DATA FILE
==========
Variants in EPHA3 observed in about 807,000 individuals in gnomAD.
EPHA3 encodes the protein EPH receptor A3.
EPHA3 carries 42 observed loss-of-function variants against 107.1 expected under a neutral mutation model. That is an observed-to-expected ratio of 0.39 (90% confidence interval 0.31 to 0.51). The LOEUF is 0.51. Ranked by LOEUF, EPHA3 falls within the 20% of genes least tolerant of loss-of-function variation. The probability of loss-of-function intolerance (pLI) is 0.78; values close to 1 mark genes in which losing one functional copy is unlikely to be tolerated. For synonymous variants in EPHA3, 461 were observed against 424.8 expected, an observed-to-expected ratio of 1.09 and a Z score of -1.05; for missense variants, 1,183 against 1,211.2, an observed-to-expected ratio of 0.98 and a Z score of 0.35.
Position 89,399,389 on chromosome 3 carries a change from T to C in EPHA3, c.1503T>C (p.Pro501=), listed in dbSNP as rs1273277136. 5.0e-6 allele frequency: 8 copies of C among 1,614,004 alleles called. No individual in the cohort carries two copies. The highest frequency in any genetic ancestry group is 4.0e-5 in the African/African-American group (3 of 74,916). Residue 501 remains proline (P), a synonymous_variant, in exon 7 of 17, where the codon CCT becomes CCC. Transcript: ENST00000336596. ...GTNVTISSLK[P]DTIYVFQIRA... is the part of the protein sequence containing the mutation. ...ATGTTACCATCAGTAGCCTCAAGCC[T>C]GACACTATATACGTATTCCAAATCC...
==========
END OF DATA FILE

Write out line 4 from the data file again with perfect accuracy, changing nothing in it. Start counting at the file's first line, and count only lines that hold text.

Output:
Position 89,399,389 on chromosome 3 carries a change from T to C in EPHA3, c.1503T>C (p.Pro501=), listed in dbSNP as rs1273277136. 5.0e-6 allele frequency: 8 copies of C among 1,614,004 alleles called. No individual in the cohort carries two copies. The highest frequency in any genetic ancestry group is 4.0e-5 in the African/African-American group (3 of 74,916). Residue 501 remains proline (P), a synonymous_variant, in exon 7 of 17, where the codon CCT becomes CCC. Transcript: ENST00000336596. ...GTNVTISSLK[P]DTIYVFQIRA... is the part of the protein sequence containing the mutation. ...ATGTTACCATCAGTAGCCTCAAGCC[T>C]GACACTATATACGTATTCCAAATCC...